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If you have a question, you may find your answer here in our FAQ section. Click on the topics (listed in alphabetic order) below to view the subtopics (if any), questions and answers. Post-publication changes in legislation, government policies, or the interpretation of the law could affect the validity of the information contained herein. Answers provided are current as of the date on which they are added.

Answers to these questions are not an exhaustive treatment or analysis of such subject(s) and related law. Accordingly, information herein is not intended to constitute accounting, tax, legal, investment, consulting or other professional advice or services. Before making any decision or taking any action that might affect your personal finances or business, you should consult a qualified professional adviser. Use of information is at your own risk.

Frequently Asked Questions

B.C. Harmonized Sales Tax (HST)

  1. I own a small business in British Columbia. What are the impacts of the proposed new HST on my business?

    On July 23, 2009, Premier Gordon Campbell and Finance Minister Colin Hansen announced their intention to harmonize the B.C. social services tax (PST) with the federal goods and services tax (GST) effective on July 1, 2010. If passed in both the provincial and federal parliaments, the British Columbia PST will be converted to a value added tax structure and combined with the federal GST to create the BC harmonized sales tax (BC HST) at a rate of 12%.

    Advantages of Harmonization to Businesses

    1. enable recovery of PST which is not possible in the current system:
      • Businesses selling taxable or zero-rated goods and services will be able to claim input tax credits (ITCs) on their purchases, as under the GST, with limited exceptions.
      • Businesses selling tax-exempt goods or services will be unable to claim ITCs as under the federal GST rules. For example, most financial services are GST exempt and therefore ITCs may not be claimed in respect of these services.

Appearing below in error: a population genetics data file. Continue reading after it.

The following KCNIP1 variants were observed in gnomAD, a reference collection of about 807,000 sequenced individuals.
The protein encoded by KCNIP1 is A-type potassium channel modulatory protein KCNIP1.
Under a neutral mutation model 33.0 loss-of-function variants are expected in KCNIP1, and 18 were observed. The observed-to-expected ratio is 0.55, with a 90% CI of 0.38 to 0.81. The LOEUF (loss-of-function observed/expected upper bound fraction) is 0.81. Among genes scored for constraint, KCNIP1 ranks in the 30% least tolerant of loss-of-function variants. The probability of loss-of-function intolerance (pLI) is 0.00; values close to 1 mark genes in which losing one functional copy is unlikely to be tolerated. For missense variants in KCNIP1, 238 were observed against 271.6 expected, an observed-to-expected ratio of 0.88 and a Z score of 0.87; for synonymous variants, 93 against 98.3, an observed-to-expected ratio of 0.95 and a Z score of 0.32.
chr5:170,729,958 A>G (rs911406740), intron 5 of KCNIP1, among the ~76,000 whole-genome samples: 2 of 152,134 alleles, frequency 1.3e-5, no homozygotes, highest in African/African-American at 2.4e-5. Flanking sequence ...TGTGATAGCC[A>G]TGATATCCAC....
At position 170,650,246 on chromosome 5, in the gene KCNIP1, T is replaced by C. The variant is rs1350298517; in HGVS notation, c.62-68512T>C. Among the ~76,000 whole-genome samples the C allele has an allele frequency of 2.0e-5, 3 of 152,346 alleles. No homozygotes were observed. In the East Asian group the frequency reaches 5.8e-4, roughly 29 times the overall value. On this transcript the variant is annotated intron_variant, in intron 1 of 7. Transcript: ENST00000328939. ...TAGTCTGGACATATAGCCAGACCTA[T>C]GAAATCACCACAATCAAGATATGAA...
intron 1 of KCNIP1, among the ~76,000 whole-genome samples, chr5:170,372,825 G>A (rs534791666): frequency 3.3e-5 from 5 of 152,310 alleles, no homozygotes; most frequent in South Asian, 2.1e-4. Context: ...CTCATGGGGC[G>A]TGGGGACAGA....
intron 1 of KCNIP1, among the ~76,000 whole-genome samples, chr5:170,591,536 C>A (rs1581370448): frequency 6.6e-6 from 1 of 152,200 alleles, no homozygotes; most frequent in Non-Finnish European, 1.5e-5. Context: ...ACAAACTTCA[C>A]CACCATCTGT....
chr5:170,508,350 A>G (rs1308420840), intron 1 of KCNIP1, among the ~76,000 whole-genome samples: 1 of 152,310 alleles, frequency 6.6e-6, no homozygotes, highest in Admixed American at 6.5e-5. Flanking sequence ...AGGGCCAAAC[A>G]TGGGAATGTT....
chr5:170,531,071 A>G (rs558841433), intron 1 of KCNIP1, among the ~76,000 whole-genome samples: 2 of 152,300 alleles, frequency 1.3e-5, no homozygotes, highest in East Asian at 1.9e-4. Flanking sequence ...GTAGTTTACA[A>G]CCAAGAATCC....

• British Columbia’s public service bodies (e.g., municipalities, charities and qualifying non-profit organizations) will be able to claim partial rebates for the provincial portion of the BC HST.
      • Large businesses (those with annual taxable sales in excess of $10 million) and financial institutions will be unable to claim ITCs on certain items on the provincial portion of the BC HST. In British Columbia, these restrictions have been announced as being temporary. After the first five years of BC HST implementation, full ITCs, to the extent relating to taxable supplies, will be phased in over the subsequent three-year period.
    2. recovery of PST as input tax credit will lower overall business costs which could potentially pass on as savings to consumers (in reality, this is unlikely to happen as most businesses will push their price to the maximum their customers could bear);
    3. reduction of paperwork as the filing of PST return will be eliminated.

    Disadvantages of HST to Businesses

    1. It will broaden tax base rendering some currently PST-exempt goods and services (such as gasoline, diesel fuel, books, children’s clothing and footwear, car seats and booster seats, diapers and feminine hygiene products, food, beverages and entertainment) taxable, hence increase the costs to consumers in some businesses and reduce their consumption.
    2. The new HST will negatively impact the cash flow of businesses due to the collection and remittance of the HST on a broader range of goods and services sold, and the HST paid on business expenses.
    3. The new BC HST will apply to new home sales (used or resale homes will not be subject to the BC HST just as they are not subject to GST). However, purchasers of new homes will be able to claim a rebate equal to 5% of the purchase price up to a maximum of $20,000.

    This new proposed tax restructuring has attracted opposition from the general public and some businesses in B.C. To offset the impact of the new HST on those with low incomes, a refundable B.C. HST Credit of $230 per family member for individuals with income up to $20,000 and families with incomes up to $25,000, will be paid quarterly with the GST credit. This is a typical mean government uses to placate public anger when a new tax is being imposed. It is quite possible that amendments will be made to mitigate the political price the B.C. Liberals party has to pay.

    [This answer was added on August 11, 2009.]

  2. Who are the winners and losers of this new HST?
    This is not a revenue-neutral tax. Of course, the biggest winner is the government. Next to the government, zero GST rate businesses (such as prescription drug stores) also win as they can recap PST paid in the new HST regime and their business is unlikely to be affected as their customers do not pay HST on their goods and services.

    The biggest loser is consumers, especially those who consume goods and services subject to GST but not PST in the old tax regime.

    [This answer was added on August 20, 2009.]

BC HST Defeated in August 2011

On 26 August 2011, Elections BC announced that 54.7% of voters who cast a ballot in the mail-in referendum voted YES to extinguish the controversial HST.